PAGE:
Virtually every day, we’re all bombarded with advice about our diets. We’re told which foods to eat to have more energy, reduce our cholesterol, lower our chances of a heart attack, reduce our risk of getting cancer … yet once someone is diagnosed with cancer, these recommendations often fall by the wayside. Though defying both common sense and good science, some cancer patients are still hearing “eat whatever you want, you need to keep up your strength,” by their physicians. And, this holds true even when their dietary choices are loaded with saturated fats and refined sugars!
At the Block Center for Integrative Cancer Treatment , we believe diet always matters. Whether someone is looking to prevent cancer, undergoing treatment, or wanting to reduce the risk of a recurrence, eating a nutritionally-dense, healthy diet is important. Nutrients directly and indirectly impact the mechanisms by which cancer cells grow and spread. For example, if you eat too much dietary fat and refined carbohydrates, you run the risk of increasing your body fat and weight, while weakening your immune system and increasing inflammation, oxidative stress and blood levels of substances that promote tumor growth and angiogenesis (new blood supply to tumors). In addition, diets high in fat tend to cause more DNA damage, which allows mutations to accumulate in the cells that make up tumors. The more mutations, the more aggressive the cancer, and the more likely it is that malignant cells will survive chemo and radiation, and then metastasize. Nutrients indirectly help control the cancer by changing the surrounding biochemical conditions that either encourage or discourage the progression of malignant disease.
Our Dietary Recommendations
Whether you’re undergoing treatment, or wanting to prevent a recurrence of cancer, our general dietary recommendations are the same: we suggest a diet low in saturated fat, high in fiber, plant-based sources of protein, cold water fish rich in omega-3 fatty acids, complex carbohydrates, fruits and berries rich in antioxidants, and nuts, seeds and cruciferous vegetables. The inclusion of whole grains and legumes is consistent with the basic eating pattern for many traditional societies in which the major cancers that afflict the US are practically non-existent. One of the many benefits of eating whole grains and legumes is their fiber content. Soluble and insoluble whole grain fibers are, among other things, excellent for the health of the intestines. Cells lining the colon, for instance, need fiber and carbohydrates for some of their basic nutrients, such as butyrate. And with the negative effect of many cancer treatments on the gastrointestinal tract, these cells need all the support they can get! The soluble fiber of whole grains and beans also evens out fluctuations in insulin levels – and since our diet recommends the exclusion of refined sugar and flour sources (more on this below) – insulin spikes should be less problematic to begin with. High fiber diets have also been shown to lower inflammation – important because inflammation can promote the growth of cancer.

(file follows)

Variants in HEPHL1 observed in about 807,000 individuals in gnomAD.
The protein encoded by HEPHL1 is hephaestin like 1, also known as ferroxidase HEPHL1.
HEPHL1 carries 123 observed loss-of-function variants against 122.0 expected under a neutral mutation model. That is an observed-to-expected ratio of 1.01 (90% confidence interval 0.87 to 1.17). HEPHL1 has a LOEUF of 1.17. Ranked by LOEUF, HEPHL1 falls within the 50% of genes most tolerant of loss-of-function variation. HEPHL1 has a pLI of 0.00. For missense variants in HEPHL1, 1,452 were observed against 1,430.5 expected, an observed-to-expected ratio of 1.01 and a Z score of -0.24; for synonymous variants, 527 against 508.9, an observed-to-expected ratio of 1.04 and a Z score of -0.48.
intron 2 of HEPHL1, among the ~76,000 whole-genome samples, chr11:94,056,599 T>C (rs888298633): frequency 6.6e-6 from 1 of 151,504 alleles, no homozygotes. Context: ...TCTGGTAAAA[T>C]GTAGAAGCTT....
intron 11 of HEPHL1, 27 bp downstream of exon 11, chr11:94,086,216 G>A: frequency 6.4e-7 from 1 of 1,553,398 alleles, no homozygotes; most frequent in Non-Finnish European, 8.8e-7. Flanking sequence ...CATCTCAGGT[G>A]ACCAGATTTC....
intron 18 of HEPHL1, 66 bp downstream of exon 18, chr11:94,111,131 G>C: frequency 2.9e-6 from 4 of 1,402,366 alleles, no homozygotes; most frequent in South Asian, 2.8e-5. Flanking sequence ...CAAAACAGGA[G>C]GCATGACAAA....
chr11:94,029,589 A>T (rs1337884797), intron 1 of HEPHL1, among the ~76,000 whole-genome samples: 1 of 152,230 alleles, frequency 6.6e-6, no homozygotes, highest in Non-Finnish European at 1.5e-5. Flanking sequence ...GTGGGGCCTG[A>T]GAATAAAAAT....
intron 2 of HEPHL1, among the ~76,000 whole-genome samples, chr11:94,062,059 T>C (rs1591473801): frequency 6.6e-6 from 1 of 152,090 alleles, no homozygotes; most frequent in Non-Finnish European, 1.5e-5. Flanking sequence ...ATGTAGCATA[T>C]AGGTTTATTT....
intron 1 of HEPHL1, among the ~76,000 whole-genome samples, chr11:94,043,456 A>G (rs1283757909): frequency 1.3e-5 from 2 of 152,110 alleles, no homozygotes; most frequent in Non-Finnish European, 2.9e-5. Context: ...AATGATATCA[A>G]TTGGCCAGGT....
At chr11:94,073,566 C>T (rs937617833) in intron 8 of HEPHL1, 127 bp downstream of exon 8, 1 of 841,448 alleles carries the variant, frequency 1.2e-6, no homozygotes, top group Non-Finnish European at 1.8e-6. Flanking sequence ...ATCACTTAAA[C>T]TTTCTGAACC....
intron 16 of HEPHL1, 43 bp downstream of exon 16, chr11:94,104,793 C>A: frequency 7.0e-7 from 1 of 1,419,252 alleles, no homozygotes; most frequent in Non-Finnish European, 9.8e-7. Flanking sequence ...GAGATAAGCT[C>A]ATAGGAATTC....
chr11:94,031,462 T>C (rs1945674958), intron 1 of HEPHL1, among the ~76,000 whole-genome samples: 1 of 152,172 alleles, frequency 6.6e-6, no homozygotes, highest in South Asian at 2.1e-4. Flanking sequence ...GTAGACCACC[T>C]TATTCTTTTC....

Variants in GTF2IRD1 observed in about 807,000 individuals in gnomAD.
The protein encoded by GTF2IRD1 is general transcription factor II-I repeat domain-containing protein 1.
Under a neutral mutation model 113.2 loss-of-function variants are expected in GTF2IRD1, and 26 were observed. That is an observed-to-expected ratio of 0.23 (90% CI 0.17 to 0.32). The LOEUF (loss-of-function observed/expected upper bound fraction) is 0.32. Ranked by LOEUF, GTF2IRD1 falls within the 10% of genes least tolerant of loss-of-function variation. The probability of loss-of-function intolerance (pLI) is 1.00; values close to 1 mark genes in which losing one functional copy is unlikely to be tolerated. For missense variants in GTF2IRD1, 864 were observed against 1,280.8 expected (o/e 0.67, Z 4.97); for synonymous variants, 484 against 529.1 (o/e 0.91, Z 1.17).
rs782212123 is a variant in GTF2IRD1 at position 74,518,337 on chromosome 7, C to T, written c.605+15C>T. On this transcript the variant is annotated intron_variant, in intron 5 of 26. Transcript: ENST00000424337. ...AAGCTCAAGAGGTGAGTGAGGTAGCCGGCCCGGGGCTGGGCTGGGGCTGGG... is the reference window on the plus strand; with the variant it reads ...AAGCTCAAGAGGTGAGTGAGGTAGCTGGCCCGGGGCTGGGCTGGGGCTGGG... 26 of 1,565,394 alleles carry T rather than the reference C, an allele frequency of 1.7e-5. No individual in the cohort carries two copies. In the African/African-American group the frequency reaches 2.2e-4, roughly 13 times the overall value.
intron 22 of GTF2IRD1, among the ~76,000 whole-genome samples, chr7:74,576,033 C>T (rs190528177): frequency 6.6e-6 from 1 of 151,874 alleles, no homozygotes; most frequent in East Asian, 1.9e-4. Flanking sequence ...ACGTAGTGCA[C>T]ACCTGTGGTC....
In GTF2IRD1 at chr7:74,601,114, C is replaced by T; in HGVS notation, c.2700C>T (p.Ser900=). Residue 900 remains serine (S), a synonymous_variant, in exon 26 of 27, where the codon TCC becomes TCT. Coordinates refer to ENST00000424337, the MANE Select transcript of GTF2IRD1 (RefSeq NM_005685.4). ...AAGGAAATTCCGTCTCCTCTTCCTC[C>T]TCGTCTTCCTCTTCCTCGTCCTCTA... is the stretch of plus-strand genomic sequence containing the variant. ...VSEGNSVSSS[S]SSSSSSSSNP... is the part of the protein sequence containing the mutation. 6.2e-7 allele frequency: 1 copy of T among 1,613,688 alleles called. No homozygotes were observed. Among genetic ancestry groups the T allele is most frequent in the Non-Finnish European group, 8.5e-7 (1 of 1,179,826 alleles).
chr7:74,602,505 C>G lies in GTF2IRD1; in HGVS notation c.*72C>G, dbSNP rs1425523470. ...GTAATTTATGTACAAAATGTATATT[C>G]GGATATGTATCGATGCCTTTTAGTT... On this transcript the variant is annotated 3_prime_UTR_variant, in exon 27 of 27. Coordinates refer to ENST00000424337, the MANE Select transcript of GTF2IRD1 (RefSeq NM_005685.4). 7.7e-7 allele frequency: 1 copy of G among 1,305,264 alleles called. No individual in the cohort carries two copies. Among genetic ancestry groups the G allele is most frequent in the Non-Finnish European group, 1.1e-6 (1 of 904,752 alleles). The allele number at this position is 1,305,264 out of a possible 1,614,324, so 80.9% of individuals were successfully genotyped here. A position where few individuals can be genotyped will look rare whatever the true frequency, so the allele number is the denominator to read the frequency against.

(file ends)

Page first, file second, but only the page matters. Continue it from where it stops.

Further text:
Additionally, we suggest eliminating unnatural fats, called trans fat, found abundantly in margarine, hydrogenated oils, as well as many baked goods and convenience foods; reducing or eliminating simple carbohydrates such as sugar, honey, high fructose corn syrup, concentrated sweeteners, sugary beverages, cookies, cakes, pastries, white bread, crackers and white-flour baked goods. These are high-glycemic foods that cause a sudden rise in blood sugar and, ultimately, increase inflammation.
Our nutritional strategy is intended to help curtail inflammation, reduce free-radical damage, minimize platelet activation (which can lead to dangerous blood clotting), manage blood sugar surges, and reduce serum levels of insulin-like growth factor 1 (or IGF-1), which stimulates cell multiplication and inhibits cell death.